(in that order). Note that some Linux distributions automatically come with

    .bash_profile scripts for users that automatically execute .bashrc as well.

    Consult the bash(1) man page for more information.


    .zshrc followed by .zshenv

    sh (or Bash

    named sh)



    .cshrc followed by .login


    .tcshrc if it exists, .cshrc if it does not, followed by .login

  2. When you login to non-interactive shells on remote nodes

    If your non-interactive remote environment is not configured properly, executables like mpirun(1) will not function properly, and it can be somewhat confusing to figure out.

    The startup files in question here are the ones that are automatically executed for a non-interactive login on a remote node (e.g., ssh othernode ps). Note that not all shells support this, and that some shells use different files for this than listed for interactive logins. Some shells will supersede non-interactive login startup files with files for interactive logins. That is, running non-interactive login startup file may automatically invoke interactive login startup file. The following table lists some common shells and the startup file that is automatically executed, either by Open MPI or by the shell itself:


    Non-interactive login startup files


    .bashrc if it exists


    .zshrc followed by .zshenv

    sh (or Bash

    named sh)

    This shell does not execute any file automatically,

    so Open MPI will execute the .profile script

    before invoking Open MPI executables on remote nodes




    .tcshrc if it exists, .cshrc if it does not

10.2.2. Using the --prefix option with mpirun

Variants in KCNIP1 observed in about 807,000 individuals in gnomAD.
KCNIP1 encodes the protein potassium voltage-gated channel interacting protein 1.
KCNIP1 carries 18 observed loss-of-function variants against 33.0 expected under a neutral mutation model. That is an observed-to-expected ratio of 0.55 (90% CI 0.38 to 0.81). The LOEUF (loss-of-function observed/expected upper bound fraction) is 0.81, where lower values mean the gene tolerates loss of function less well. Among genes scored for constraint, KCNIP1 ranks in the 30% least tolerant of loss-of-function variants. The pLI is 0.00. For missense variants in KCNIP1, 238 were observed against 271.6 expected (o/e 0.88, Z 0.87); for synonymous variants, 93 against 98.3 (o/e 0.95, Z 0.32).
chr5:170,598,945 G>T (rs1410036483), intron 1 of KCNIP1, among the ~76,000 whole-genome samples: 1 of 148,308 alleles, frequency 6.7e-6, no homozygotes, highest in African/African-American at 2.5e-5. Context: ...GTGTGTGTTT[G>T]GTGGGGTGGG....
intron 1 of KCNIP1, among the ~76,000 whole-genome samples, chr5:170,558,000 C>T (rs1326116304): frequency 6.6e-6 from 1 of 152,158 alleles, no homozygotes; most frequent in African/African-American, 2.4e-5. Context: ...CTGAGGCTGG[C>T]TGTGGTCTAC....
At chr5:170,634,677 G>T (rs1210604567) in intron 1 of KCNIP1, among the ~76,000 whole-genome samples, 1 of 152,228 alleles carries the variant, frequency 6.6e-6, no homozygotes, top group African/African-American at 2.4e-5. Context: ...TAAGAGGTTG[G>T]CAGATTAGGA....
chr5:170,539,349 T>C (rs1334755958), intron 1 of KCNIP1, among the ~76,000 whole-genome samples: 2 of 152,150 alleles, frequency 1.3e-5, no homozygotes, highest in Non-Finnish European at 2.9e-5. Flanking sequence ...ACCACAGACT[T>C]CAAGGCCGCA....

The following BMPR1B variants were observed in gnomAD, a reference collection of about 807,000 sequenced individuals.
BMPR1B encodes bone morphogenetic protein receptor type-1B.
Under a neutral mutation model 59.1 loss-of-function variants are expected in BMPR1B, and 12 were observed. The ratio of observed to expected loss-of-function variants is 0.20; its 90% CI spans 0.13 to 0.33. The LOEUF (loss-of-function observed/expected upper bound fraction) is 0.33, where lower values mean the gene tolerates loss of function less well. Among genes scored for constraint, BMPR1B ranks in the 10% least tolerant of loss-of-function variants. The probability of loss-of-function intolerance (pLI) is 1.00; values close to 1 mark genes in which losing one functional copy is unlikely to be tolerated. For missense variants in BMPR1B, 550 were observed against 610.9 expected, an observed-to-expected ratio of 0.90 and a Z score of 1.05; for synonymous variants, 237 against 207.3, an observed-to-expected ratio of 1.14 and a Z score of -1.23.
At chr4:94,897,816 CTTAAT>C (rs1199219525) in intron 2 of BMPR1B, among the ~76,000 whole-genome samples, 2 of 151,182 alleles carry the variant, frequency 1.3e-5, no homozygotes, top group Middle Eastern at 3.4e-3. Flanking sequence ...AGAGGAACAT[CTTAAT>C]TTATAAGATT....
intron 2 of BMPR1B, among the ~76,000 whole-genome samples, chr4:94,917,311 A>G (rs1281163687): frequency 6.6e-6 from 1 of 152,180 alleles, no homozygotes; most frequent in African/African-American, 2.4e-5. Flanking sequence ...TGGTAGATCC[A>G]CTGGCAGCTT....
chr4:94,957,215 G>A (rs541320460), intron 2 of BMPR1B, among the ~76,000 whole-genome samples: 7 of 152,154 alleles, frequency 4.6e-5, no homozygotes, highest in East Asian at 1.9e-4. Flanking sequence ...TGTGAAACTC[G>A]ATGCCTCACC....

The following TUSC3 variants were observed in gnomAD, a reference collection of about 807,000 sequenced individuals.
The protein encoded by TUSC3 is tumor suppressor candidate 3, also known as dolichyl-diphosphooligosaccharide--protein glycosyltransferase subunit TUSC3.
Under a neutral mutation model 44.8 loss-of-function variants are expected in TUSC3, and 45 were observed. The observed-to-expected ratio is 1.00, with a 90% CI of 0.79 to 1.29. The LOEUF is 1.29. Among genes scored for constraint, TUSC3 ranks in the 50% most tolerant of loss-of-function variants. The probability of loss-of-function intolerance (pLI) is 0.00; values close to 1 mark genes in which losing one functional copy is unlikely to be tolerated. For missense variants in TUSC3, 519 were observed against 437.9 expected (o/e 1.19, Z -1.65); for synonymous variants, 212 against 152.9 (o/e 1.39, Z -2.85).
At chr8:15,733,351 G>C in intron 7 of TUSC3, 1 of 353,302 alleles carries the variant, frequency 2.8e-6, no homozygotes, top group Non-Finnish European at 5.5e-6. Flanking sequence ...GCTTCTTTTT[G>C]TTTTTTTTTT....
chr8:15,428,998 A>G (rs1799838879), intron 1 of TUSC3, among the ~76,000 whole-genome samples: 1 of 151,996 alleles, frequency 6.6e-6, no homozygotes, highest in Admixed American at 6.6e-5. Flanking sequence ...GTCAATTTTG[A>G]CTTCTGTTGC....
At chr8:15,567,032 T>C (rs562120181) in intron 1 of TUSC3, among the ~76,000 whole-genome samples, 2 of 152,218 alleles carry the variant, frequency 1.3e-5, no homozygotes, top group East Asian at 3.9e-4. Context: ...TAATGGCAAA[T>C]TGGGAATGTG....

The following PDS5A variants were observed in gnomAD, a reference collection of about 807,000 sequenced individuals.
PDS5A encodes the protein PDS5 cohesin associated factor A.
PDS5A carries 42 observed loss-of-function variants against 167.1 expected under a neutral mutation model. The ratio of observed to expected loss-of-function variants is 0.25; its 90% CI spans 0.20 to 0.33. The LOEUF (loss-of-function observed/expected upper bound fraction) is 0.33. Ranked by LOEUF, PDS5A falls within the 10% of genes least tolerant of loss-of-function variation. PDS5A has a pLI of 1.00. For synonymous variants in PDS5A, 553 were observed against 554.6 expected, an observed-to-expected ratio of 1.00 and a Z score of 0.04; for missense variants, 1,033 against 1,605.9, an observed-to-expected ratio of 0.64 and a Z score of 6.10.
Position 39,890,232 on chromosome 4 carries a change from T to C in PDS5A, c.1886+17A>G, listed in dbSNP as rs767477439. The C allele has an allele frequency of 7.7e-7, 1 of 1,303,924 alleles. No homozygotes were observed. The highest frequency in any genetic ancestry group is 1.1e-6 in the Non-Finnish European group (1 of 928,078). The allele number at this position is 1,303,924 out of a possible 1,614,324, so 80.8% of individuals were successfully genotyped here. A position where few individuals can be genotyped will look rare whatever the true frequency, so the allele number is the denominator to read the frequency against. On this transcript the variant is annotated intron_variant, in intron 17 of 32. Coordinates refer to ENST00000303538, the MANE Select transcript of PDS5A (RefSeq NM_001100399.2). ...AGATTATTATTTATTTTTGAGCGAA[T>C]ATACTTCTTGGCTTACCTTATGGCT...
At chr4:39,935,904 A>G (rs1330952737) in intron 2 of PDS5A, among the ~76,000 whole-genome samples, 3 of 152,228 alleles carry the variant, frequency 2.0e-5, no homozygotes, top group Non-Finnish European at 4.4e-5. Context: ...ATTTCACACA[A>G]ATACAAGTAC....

If users are unable to add the relevant directories to PATH and LD_LIBRARY_PATH, the mpirun(1) --prefix option may be sufficient.

There are some situations where you cannot modify the PATH or LD_LIBRARY_PATH — e.g., some ISV applications prefer to hide all parallelism from the user, and therefore do not want to make the user modify their shell startup files. Another case is where you want a single user to be able to launch multiple MPI jobs simultaneously, each with a different MPI implementation. Hence, setting shell startup files to point to one MPI implementation would be problematic.

In such cases, you have two options:

  1. Use the mpirun(1) --prefix command line option (described below).

  2. Modify the wrapper compilers to include directives to include run-time search locations for the Open MPI libraries.

mpirun(1)’s --prefix command line option takes as an argument the top-level directory where Open MPI was installed. While relative directory names are possible, they can become ambiguous depending on the job launcher used; using absolute directory names is strongly recommended.

For example, say that Open MPI was installed into /opt/openmpi-VERSION. You would use the --prefix option thusly:

shell$ mpirun --prefix /opt/openmpi-VERSION -n 4 a.out

This will prefix the PATH and LD_LIBRARY_PATH on both the local and remote hosts with /opt/openmpi-VERSION/bin and /opt/openmpi-VERSION/lib, respectively. This is usually unnecessary when using resource managers to launch jobs (e.g., Slurm, Torque, etc.) because they tend to copy the entire local environment — to include the PATH and LD_LIBRARY_PATH — to remote nodes before execution. As such, if PATH and LD_LIBRARY_PATH are set properly on the local node, the resource manager will automatically propagate those values out to remote nodes. The --prefix option is therefore usually most useful in ssh-based environments (or similar).

It is possible to make this the default behavior by passing to configure the flag --enable-mpirun-prefix-by-default. This will make mpirun(1) behave exactly the same as mpirun --prefix $prefix ..., where $prefix is the value given to --prefix in configure.

Finally, note that specifying the absolute pathname to mpirun(1) is equivalent to using the --prefix argument. For example, the following is equivalent to the above command line that uses --prefix:

shell$ /opt/openmpi-VERSION/bin/mpirun -n 4 a.out


TODO Josh H points out that we might also want to mention OMPIHOME for PRRTE’s .ini file here. Leaving this as a future to-do item, since PRRTE’s .ini file support does not exist yet.